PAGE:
The 163 drivers are from November of 2007, so this covers roughly a 1.25 year time span. The big leap in size with the 178 drivers is when NVIDIA started including the PhysX installer with the GeForce drivers, which actually made those drivers slightly bigger at 103MB (due in large part to a 50MB PhysX installer). Excluding the PhysX installer, there’s no specific pattern in growth - between 163 and 182 virtually every driver file got bigger. The control panel and OpenGL drivers are the biggest culprits here due to their large size in the first place. As for the PhysX installer, the aforementioned need for it to include several versions of the PhysX libraries makes it an outlier. NVIDIA did beat 15MB out of it for the 180 drivers (down to 35MB) only for it to jump up to 40MB for 182. While we only have a short window of time to judge from, so far it’s the single biggest reason that NVIDIA’s GeForce drivers are growing as much as they are, and it looks like that will be continuing in to the future.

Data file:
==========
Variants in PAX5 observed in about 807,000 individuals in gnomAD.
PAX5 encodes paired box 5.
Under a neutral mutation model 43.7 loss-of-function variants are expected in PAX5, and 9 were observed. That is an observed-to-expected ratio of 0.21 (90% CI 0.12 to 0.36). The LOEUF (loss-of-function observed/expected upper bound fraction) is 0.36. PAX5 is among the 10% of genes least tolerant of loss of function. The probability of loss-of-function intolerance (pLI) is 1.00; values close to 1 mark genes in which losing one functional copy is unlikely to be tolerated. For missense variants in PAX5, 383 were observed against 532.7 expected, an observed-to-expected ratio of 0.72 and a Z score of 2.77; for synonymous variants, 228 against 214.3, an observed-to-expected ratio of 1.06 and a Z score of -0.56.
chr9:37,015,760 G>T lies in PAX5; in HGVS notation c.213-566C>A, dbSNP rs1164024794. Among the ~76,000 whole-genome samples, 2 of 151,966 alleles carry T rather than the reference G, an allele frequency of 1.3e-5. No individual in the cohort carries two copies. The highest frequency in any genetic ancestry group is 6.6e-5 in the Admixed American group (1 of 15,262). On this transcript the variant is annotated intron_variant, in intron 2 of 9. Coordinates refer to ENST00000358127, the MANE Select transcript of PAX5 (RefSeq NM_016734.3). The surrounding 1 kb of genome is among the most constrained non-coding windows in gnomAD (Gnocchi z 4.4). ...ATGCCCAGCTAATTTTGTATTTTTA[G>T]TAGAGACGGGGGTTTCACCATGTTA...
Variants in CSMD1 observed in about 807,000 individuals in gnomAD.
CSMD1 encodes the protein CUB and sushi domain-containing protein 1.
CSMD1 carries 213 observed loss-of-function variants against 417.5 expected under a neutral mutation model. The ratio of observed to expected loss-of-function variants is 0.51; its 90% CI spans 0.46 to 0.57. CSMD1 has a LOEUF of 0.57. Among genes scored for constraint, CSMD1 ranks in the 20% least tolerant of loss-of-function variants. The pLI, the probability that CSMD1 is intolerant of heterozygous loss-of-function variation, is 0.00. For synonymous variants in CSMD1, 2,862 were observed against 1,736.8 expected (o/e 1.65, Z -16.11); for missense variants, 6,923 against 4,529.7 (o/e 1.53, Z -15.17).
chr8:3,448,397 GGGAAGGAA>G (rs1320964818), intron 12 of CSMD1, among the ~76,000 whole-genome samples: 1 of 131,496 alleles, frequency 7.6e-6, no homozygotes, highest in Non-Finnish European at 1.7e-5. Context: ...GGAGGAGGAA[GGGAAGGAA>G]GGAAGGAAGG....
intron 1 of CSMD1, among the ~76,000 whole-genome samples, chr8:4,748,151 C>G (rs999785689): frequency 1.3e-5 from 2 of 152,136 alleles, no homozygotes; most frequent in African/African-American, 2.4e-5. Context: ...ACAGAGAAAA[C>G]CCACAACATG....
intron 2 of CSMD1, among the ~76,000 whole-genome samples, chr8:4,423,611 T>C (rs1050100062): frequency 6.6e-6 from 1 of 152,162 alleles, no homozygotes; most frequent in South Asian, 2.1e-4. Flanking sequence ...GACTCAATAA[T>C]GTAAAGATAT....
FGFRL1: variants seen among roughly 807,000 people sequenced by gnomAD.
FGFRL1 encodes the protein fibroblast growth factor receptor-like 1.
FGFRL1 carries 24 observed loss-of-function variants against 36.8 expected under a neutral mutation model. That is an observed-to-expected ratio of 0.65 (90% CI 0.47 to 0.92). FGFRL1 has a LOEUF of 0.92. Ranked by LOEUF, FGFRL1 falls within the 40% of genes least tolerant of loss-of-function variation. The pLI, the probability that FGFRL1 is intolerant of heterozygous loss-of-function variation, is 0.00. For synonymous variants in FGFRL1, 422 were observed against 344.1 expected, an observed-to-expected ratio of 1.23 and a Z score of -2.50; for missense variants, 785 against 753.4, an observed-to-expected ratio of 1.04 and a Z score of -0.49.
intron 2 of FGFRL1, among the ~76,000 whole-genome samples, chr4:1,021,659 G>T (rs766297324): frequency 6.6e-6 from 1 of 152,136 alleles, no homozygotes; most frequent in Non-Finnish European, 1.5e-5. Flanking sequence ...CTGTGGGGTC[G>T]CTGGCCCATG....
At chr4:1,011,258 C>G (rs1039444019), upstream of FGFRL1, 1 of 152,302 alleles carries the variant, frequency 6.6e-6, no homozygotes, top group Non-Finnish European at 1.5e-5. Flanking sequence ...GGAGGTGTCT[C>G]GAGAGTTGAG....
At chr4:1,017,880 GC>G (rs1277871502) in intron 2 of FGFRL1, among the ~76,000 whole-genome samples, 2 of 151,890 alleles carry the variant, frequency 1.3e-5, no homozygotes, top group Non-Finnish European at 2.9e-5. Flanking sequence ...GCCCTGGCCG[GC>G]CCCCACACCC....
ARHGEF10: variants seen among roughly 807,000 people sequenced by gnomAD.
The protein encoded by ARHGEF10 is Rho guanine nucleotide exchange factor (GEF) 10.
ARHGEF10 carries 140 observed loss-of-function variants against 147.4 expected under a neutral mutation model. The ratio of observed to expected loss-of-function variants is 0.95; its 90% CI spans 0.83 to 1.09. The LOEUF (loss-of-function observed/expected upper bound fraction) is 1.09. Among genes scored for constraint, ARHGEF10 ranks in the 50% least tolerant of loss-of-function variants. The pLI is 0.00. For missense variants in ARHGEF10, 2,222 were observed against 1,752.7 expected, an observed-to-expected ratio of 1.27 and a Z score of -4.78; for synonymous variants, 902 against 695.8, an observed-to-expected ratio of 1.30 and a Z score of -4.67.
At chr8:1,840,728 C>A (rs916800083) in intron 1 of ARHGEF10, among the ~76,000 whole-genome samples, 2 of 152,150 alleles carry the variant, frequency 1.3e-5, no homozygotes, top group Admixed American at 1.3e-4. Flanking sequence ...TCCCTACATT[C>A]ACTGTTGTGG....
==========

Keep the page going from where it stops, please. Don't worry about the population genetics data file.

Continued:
Not to be left out, we also cracked open ATI’s latest Catalyst 9.2 drivers to take a look at their size. The 62MB driver package is a bit bigger on the driver side than the control panel side (40MB/22MB or so) and we’d estimate the total installed size is around 140MB, although it’s even harder to gauge than NVIDIA’s drivers. This makes them roughly as big as NVIDIA’s own GPU drivers and control panel; the difference between the two comes down to the PhysX software.

And for those of you curious about platform differences, the latest NVIDIA GeForce drivers for Linux x64 (180.29) are 20MB.

ATI Catalyst 9.2



View All Comments

  • lamga - Saturday, March 7, 2009 - link

    Creative Labs had the dubious honour of gigantic SoundBlaster drivers back in 2000. I remember they refused to host the full Audigy driver suite on their website because it was so large - they only offered patch files which you had to apply to an existing install derived from your driver CD. Reply
  • devilxc - Friday, February 27, 2009 - link

    Have you ever used the DiNovo Keyboard / Mouse combination from Logitech? The drivers are a massive 107Mb! For a mouse and keyboard that can be detected by windows.

    Incidently they are s*** drivers. They cause an unreponsive and laggy mouse.

    Thank god we're not using 56k dial up!
  • Zak - Thursday, February 26, 2009 - link